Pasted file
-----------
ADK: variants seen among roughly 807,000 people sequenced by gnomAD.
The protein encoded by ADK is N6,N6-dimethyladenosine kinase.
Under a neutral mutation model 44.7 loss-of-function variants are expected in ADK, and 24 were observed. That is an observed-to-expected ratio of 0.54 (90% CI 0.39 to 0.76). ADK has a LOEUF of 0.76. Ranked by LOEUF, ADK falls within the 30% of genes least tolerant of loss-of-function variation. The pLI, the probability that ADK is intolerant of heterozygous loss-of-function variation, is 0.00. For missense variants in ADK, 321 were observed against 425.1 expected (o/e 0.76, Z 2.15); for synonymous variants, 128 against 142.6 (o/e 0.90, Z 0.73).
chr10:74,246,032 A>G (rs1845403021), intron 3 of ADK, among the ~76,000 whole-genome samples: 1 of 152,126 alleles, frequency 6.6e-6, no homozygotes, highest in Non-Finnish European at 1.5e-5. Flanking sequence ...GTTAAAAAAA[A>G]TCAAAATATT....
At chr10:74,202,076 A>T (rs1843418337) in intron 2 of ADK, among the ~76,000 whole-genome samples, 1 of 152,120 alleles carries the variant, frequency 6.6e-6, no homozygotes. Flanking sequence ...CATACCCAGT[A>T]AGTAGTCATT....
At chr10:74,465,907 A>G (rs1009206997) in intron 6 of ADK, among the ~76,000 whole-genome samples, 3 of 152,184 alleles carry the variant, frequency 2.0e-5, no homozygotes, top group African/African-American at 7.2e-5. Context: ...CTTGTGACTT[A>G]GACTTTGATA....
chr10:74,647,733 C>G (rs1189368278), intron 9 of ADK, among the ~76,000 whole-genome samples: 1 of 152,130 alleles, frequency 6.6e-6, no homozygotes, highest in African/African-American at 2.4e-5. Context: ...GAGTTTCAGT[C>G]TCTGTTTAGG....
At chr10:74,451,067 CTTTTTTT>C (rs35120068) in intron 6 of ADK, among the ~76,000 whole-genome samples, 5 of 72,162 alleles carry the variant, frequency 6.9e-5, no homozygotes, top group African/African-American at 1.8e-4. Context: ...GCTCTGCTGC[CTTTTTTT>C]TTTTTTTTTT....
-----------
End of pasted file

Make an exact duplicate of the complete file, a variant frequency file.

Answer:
ADK: variants seen among roughly 807,000 people sequenced by gnomAD.
The protein encoded by ADK is N6,N6-dimethyladenosine kinase.
Under a neutral mutation model 44.7 loss-of-function variants are expected in ADK, and 24 were observed. That is an observed-to-expected ratio of 0.54 (90% CI 0.39 to 0.76). ADK has a LOEUF of 0.76. Ranked by LOEUF, ADK falls within the 30% of genes least tolerant of loss-of-function variation. The pLI, the probability that ADK is intolerant of heterozygous loss-of-function variation, is 0.00. For missense variants in ADK, 321 were observed against 425.1 expected (o/e 0.76, Z 2.15); for synonymous variants, 128 against 142.6 (o/e 0.90, Z 0.73).
chr10:74,246,032 A>G (rs1845403021), intron 3 of ADK, among the ~76,000 whole-genome samples: 1 of 152,126 alleles, frequency 6.6e-6, no homozygotes, highest in Non-Finnish European at 1.5e-5. Flanking sequence ...GTTAAAAAAA[A>G]TCAAAATATT....
At chr10:74,202,076 A>T (rs1843418337) in intron 2 of ADK, among the ~76,000 whole-genome samples, 1 of 152,120 alleles carries the variant, frequency 6.6e-6, no homozygotes. Flanking sequence ...CATACCCAGT[A>T]AGTAGTCATT....
At chr10:74,465,907 A>G (rs1009206997) in intron 6 of ADK, among the ~76,000 whole-genome samples, 3 of 152,184 alleles carry the variant, frequency 2.0e-5, no homozygotes, top group African/African-American at 7.2e-5. Context: ...CTTGTGACTT[A>G]GACTTTGATA....
chr10:74,647,733 C>G (rs1189368278), intron 9 of ADK, among the ~76,000 whole-genome samples: 1 of 152,130 alleles, frequency 6.6e-6, no homozygotes, highest in African/African-American at 2.4e-5. Context: ...GAGTTTCAGT[C>G]TCTGTTTAGG....
At chr10:74,451,067 CTTTTTTT>C (rs35120068) in intron 6 of ADK, among the ~76,000 whole-genome samples, 5 of 72,162 alleles carry the variant, frequency 6.9e-5, no homozygotes, top group African/African-American at 1.8e-4. Context: ...GCTCTGCTGC[CTTTTTTT>C]TTTTTTTTTT....